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New senior roles will take CSR closer to the board

July 2010

Many companies will soon create a high-level post of chief sustainability officer to take the corporate responsibility agenda forward.

Sector observers and recruitment specialists say the new job function is already emerging in the US, and will grow in popularity worldwide during the next three years as firms seek to take their sustainability activities to the next level.

Chief sustainability officers, or CSOs, will typically sit above CSR directors and managers, and will have influence comparable to - but not necessarily as far-reaching - as that wielded by chief financial officers.

Businesses already employing them include the engineering and construction company Aecom, the software specialist CA, Dow Chemicals, and the global law firm Nixon Peabody.

The trend was highlighted at a London seminar on 2 July, where  the sustainability executive recruitment consultancy Acre, analyst firm Verdantix and the professional services group Ernst & Young all reported increasing evidence that CSOs - or jobs with similar titles - will become the norm in the next few years.

Rufus Bullough, an associate at Acre, which operates internationally in London and Chicago, said the growth of the role would show that companies are moving into an 'opportunity or future proofing' phase in which sustainability progresses into the arena of the 'C-suite' - the group of officers with the word chief in their titles and with direct access to the board.

'The CSO role is cutting-edge territory and is still being shaped and defined,' Bullough told EP. 'Most firms still suffer from a management gap or governance deficit that's stopping truly strategic decision-making on sustainability, and this is where the CSO comes in.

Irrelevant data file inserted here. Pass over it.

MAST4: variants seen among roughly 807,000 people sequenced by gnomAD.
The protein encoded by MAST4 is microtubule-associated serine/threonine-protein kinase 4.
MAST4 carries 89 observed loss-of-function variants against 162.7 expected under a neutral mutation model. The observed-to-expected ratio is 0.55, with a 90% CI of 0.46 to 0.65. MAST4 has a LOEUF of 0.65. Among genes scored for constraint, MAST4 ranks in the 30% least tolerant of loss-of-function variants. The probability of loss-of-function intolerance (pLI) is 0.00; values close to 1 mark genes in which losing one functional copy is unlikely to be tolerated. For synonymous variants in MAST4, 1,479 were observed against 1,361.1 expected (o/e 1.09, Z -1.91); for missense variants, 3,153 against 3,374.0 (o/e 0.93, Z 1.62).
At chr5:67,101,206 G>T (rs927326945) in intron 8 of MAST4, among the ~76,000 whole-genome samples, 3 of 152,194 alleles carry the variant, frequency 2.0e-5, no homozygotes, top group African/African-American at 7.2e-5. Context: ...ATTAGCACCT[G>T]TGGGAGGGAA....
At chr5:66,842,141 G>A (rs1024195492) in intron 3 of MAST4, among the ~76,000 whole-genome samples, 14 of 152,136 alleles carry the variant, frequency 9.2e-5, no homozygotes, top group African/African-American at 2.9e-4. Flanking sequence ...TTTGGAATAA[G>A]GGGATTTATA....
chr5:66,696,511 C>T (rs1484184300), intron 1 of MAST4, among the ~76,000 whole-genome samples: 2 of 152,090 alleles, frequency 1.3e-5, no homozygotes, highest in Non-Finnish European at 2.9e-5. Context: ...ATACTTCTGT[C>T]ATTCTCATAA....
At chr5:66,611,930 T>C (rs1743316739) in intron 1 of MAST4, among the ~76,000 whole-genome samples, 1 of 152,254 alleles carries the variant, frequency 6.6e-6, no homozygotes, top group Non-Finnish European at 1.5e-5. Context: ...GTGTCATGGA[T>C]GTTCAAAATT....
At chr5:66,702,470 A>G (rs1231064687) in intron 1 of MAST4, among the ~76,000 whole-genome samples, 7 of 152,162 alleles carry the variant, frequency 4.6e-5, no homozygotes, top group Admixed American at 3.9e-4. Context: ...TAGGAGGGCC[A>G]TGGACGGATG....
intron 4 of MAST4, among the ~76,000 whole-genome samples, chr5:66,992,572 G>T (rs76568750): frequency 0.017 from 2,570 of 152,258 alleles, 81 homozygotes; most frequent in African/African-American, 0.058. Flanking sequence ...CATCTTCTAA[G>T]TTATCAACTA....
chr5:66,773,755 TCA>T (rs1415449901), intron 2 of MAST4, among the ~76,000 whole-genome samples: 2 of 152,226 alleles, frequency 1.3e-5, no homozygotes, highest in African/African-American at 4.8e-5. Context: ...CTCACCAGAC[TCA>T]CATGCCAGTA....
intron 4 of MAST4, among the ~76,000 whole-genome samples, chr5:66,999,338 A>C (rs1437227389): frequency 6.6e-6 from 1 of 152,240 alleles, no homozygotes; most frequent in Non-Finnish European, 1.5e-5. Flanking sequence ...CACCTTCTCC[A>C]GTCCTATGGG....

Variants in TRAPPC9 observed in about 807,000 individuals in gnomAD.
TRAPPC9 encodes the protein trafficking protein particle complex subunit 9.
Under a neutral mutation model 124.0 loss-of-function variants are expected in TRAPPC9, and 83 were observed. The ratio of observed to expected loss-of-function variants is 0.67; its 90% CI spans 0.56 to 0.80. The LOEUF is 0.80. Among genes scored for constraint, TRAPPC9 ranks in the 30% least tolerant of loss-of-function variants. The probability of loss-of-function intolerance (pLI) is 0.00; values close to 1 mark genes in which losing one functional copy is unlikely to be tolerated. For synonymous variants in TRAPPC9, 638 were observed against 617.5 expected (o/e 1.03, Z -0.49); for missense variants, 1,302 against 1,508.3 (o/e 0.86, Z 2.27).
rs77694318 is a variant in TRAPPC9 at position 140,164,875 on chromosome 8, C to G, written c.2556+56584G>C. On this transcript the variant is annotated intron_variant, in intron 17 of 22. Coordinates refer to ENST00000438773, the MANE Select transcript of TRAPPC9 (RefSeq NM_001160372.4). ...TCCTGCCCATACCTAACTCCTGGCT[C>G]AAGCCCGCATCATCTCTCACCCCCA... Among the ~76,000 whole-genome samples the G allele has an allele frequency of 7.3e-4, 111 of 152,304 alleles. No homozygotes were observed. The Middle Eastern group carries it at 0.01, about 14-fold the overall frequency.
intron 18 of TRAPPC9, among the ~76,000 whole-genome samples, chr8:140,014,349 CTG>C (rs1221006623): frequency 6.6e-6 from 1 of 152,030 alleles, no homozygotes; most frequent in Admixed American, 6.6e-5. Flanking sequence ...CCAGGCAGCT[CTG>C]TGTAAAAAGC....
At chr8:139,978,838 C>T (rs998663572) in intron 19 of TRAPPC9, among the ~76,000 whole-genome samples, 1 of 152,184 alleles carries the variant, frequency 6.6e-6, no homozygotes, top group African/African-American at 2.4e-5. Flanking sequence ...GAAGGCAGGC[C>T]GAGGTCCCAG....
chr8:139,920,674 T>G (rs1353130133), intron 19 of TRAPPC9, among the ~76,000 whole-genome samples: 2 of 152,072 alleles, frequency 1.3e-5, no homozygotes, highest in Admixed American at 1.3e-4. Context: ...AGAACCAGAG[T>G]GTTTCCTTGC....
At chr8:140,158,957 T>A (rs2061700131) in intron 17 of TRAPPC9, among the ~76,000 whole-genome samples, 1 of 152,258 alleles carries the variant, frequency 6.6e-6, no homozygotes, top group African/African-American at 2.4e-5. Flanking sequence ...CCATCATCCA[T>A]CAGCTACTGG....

'It's the link that is lacking between the board and functional heads of departments such as environment, health and safety, corporate affairs, HR and in some cases the CSR director.'

Acre and Verdantix believe most of the hires will initially be internal appointments, and that CSR managers should 'position themselves for this opportunity'.

However, David Metcalfe, chief executive of Verdantix, warned that although 'some could make the leap', CSR professionals 'are not necessarily first in line to be appointed as the CSO'.

The ideal candidate will be someone with broad business knowledge and change management experience 'who acts according to commercial criteria rather than as an evangelist for sustainability'.

Metcalfe said the new posts are being developed as part of a growing acknowledgment that sustainability needs a hard-hitting champion at the most senior levels in a company.  Key responsibilities will be to develop sustainable business strategy, 'implement a company-wide change programme', and explore the revenue generation opportunities that CSR offers.




Acre Resources | Global | CSR

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